When Laurel Hill School teacher and coach Ronnie Smith asked me to do a story on a fundraiser for former LHS athlete Katie Free, I was more than happy to help. I had the opportunity to cover Katie throughout her Hobo career, and she has always been a great ambassador for the school and community.
When Laurel Hill School teacher and coach Ronnie Smith asked me to do a story on a fundraiser for former LHS athlete Katie Free, I was more than happy to help.
I had the opportunity to cover Katie throughout her Hobo career, and sShe has always been a great ambassador for the school and community.
A Boston butt fundraiser is 3-6 p.m. Feb. 21 across from Laurel Hill School. Butts cost $20 each and proceeds benefit Free, who awaits a heart transplant.
It didn't surprise me that Smith and others within the Laurel Hill community wanted to help Smith. Small towns and teammates have a way of reaching out to one of their own.
My little corner of the world was shaken about the time I was writing the story on Katie's fundraiser, which appeared in Saturday's News Bulletin.
Last week, I learned that one of my high school teammates and best friends, Mort Deer, has throat cancer and is in a hospital in Mobile.
Mort played receiver for Gulf Breeze High School's football team and was a sprinter and long jumper on the Dolphin track team. He competed against Crestview and Baker in track and played football at Jack Foster Stadium. He even once served as a makeshift windshield wiper for the track team one day, but that's another story.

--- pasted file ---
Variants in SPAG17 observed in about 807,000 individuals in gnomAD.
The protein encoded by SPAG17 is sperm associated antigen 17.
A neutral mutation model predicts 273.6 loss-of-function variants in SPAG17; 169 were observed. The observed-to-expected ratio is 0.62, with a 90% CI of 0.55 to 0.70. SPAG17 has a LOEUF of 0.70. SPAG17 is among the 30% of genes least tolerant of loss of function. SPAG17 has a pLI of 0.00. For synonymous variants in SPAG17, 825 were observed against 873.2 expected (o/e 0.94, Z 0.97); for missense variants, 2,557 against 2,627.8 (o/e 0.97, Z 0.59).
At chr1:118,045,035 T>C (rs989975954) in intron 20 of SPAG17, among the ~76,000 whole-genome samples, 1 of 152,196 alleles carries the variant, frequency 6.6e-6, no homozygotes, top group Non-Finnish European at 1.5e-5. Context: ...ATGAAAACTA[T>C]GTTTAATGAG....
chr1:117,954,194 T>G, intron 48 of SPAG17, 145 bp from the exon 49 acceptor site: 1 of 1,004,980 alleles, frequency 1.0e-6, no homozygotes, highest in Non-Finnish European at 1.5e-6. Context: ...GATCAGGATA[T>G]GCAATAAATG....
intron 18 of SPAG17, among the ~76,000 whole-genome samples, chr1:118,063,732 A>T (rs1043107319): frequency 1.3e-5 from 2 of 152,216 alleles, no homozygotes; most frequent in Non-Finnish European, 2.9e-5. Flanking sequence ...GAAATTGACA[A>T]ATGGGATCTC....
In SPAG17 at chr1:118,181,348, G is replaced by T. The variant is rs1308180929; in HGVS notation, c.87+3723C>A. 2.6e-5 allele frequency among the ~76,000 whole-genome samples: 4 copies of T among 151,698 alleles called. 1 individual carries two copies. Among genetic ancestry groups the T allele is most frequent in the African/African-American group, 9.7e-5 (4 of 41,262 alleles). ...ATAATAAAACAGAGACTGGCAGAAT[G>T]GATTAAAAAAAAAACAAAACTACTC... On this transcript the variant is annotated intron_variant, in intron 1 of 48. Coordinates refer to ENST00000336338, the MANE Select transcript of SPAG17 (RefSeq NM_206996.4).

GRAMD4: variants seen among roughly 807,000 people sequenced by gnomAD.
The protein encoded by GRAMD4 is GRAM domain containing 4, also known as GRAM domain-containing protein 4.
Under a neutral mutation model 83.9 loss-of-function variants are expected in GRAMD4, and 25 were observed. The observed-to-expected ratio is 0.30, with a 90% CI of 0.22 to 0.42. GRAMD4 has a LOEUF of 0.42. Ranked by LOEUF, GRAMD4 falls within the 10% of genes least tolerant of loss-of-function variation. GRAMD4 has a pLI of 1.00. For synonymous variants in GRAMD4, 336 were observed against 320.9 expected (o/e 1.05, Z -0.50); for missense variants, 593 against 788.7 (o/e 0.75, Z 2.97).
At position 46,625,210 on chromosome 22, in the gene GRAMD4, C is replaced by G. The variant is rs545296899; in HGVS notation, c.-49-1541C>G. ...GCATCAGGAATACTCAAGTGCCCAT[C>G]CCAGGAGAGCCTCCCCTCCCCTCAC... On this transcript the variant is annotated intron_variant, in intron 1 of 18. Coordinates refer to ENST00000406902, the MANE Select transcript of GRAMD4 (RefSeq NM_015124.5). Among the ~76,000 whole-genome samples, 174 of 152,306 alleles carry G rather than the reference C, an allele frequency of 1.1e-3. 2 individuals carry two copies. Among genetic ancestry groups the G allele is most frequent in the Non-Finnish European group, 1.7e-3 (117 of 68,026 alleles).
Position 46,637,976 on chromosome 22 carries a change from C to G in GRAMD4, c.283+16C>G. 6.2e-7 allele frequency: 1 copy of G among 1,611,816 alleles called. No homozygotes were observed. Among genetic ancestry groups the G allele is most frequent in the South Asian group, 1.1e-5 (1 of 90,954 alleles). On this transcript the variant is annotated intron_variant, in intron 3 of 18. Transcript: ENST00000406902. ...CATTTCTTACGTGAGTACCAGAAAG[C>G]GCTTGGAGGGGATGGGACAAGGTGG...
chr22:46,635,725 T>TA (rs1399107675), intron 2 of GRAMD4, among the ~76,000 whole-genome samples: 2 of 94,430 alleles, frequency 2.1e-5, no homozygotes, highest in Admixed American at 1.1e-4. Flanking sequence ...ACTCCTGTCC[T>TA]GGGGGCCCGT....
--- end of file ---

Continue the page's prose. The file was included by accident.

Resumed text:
The last several days have been spent working, sleeping and communicating updates on Mort's condition on Facebook.
Sunday, I made the trip to Alabama, stopping off in Summerdale to meet my best friend and teammate, Ken Hardy. Together, we made the trip to Mobile to visit Mort and share our love and support for him.
While visiting with him, we found out he needs help dealing with the cost associated with cancer. And now, Ken and I find ourselves looking at ideas for fundraisers as we come to the help of our friend.
We've already had several classmates, teammates and friends offer support, which doesn't surprise me. Gulf Breeze, like Laurel Hill, is a small, closely knit community, and that is especially true for those of us who grew up in the 1970s when our town and school were still young.
But one doesn't have to be from Laurel Hill, Gulf Breeze, Baker or Crestview to appreciate the community and team's value. I'd dare say there are countless Katie Free and Mort Deer stories being written across this country. And in many cases, teammates are reaching out to pick their friend up.
One of the first things most athletes learn is it's not about me; it's about the we that comes with being a part of a team. My success means nothing if a teammate fails.
There is something about being on a team in the good times, and sharing the joy that comes with accomplishing something together. As the years have passed, I've realized that needing teammates and being a good teammate is as important 20, 30 or 40 years down the road, as it was those hot summer days so many years ago.
Mort Deer was a teammate and classmate that had a way of picking people up. Katie also has a way about her that puts a smile on the faces of those around her.
Yes, teammates do pick each other up and lend a helping hand.
Randy Dickson is the Crestview News Bulletinís sports editor. Email him at email@example.com, tweet him @BigRandle, or call 682-6524.